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Learning to invest in the stock market is different from say, learning maths. Whereas everyone eventually reaches the same solution in the latter, thereís no one right answer on how to invest well. Nonetheless, there are overriding similarities between learning the both, or any sorts of skills. The fastest way to learn a skill is to deconstruct it by breaking it into pieces, strip down to their essence, and examine the fundamentals.
Fundamentals provide a solid foundation, like a sturdy building holding up against shocks, so you wonít fall apart during a market panic. Investing is a slow learning process, same as everything you set out to do, like a car in first gear going uphill. And donít worry about missing out opportunities. If the boat is not in the right direction, it doesnít matter how fast it goes. Instead, aim for 1%, strive to improve yourself by 1% every day, it adds up over time. Build a long runway, and focus on what matters and ignore the trivial. When your knowledge compounds, your wealth follows.
In the stock market, every share you own is a slice of ownership in the business, essentially, you are the owner. You are entitled to vote, receive a dividend, if thereís one, and participate in the fortune of the business as a shareholder. You grow your wealth through the dividends received, and share price appreciation as the business makes more money.
Most investors watch their shares like a hawk, reasoned a drop in share price would impair investment capital. That is true if the shares are sold to realize the loss, but otherwise, flies in contrary to the mindset of an owner. If an asset can be acquired at a lower price, in this case, the whole business, isnít that a positive thing? As opposed to a falling share price, the risk of an investor comes from not knowing what he is doing. If one buys a property but never take the trouble to inspect, or walk around the neighborhood, is it a surprise if the house is in a poor condition sitting in an unsafe neighborhood?
Similar to doing research before getting a fridge, a car, or a house, a big part of investing lies in preparation, doing the work before buying, and spending the time to understand the business. These knowledge create a psychological edge, and the ability to think independently, a rare and valuable trait in investing during market panic. You can assess the situation with a calm head before making the right decision rather than rushing to the exit doors like everyone else.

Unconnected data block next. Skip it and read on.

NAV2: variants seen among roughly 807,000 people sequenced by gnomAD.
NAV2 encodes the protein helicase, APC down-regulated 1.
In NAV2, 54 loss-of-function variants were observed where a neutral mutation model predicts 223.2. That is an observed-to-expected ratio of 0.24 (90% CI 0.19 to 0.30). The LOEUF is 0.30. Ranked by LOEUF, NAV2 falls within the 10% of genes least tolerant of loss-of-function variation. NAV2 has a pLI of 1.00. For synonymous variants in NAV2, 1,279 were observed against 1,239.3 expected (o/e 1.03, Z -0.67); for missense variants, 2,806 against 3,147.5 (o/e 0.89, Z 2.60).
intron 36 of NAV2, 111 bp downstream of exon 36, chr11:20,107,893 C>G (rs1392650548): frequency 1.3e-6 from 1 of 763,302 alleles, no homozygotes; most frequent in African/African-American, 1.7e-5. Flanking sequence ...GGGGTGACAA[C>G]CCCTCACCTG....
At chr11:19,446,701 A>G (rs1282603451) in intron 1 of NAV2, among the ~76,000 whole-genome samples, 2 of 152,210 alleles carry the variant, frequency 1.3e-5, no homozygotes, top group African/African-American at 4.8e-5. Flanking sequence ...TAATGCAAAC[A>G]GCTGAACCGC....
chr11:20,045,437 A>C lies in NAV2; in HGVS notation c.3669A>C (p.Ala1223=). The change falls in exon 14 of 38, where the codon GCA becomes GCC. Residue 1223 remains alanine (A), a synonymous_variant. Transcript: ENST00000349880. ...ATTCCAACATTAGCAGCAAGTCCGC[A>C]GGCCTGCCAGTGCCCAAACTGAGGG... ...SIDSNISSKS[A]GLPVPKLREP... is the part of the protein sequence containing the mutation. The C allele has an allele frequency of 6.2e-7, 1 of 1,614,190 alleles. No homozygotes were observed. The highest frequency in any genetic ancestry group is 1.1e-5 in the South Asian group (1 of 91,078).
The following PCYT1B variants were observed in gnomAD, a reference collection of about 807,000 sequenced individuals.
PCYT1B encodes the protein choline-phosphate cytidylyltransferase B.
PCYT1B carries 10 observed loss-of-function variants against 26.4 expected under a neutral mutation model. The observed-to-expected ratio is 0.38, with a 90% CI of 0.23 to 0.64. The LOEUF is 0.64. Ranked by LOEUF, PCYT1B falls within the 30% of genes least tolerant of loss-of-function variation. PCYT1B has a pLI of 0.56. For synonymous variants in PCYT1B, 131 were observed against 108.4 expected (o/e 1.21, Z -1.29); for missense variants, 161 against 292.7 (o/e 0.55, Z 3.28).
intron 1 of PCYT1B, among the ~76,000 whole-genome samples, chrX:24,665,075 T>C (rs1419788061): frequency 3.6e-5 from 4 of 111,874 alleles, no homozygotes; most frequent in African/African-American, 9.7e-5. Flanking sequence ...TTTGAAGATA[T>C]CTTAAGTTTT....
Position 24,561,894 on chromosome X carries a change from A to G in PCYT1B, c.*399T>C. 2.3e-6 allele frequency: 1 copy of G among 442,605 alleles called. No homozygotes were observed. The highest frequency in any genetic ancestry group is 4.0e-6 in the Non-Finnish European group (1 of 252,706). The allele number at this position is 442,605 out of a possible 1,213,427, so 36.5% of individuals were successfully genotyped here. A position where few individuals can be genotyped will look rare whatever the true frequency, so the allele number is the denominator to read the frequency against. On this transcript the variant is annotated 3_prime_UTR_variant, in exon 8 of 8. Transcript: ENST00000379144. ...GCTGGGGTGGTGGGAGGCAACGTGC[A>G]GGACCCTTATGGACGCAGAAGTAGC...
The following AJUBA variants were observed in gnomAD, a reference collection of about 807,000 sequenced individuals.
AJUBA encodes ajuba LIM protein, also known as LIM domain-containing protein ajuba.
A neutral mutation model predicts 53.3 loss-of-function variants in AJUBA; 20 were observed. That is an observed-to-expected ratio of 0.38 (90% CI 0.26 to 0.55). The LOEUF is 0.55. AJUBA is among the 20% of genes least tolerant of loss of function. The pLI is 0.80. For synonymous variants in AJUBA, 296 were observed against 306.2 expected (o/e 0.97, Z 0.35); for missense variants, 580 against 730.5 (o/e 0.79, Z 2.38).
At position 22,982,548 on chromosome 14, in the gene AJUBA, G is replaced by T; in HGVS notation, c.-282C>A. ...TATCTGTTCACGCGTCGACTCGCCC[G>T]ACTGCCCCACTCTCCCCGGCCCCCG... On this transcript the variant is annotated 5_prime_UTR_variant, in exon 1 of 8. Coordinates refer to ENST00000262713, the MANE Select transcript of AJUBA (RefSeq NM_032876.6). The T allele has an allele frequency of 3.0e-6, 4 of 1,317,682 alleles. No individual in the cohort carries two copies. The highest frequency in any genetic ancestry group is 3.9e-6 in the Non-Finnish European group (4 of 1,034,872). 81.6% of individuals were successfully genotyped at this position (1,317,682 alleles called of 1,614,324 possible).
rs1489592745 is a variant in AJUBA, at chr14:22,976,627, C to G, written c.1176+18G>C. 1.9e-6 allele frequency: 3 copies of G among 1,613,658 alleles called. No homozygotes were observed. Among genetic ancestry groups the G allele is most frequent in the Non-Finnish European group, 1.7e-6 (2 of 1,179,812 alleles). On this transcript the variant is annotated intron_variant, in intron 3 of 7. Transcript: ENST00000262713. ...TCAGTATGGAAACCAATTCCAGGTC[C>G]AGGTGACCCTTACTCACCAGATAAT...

Your profession or things that surround your daily life are good starting points to learn more about a business and industry. If you work in the I.T industry, chances are you will be familiar with some software providers; if you are a car enthusiast, which stores do you always visit and for what reasons? Even if youíre a stay at home mom, you might have developed a good understanding where to find quality ingredients. By observing things around you, you have a good judgment on whatís selling, and what doesnít. Look for the label, find out which company produce it and how well the business is doing.
Given the choice between a wonderful and an average business, youíll prefer to invest in the former. But how do you distinguish the former from the latter? Is there any characteristic that defines a company as wonderful?
If one of your friends comes to you with an idea of starting a business together, you will ask questions like:
1. What kind of business is it?
2. How much investment do I have to put into the business?
3. How much money can the business make every year and how fast?
The first question focuses on having a good grasp on what the business does. If your friend is going to start something that you canít get your head around, never ever get involved.
The subsequent two questions are the litmus test to see how attractive an investment can be, or how wonderful the business is. To start with something simple. If you decide to open a savings account, you would prefer a bank that offers a better rate, say 2% instead of 1%.
To express it in an equation:
The savings account earns you $2,000 / You have to put in $100,000 = You earn 2% return
or put it another way:
How much money can the business make / How much investment to put in = X% return
To simplify it:
Profit / Shareholders Equity = X% return (Return on equity)
Shareholders equity means the total amount of money that have been put into the business. Return on equity or ROE for short, expressed in percentage, measures how well the business is generating a return on its investment. In the savings account example, you get a 2 cents return for every dollar of investment or a ROE of 2%.
A business can report they made 1 million or 100 million in profit but that information has little value without knowing how much investment had been put in. The ROE decides how attractive a business is. In running analogy, a runnerís performance is determined by the time required to achieve an X amount of distance. In investing, it is the investment required to generate an X amount of profit that determines the share price & business performance.
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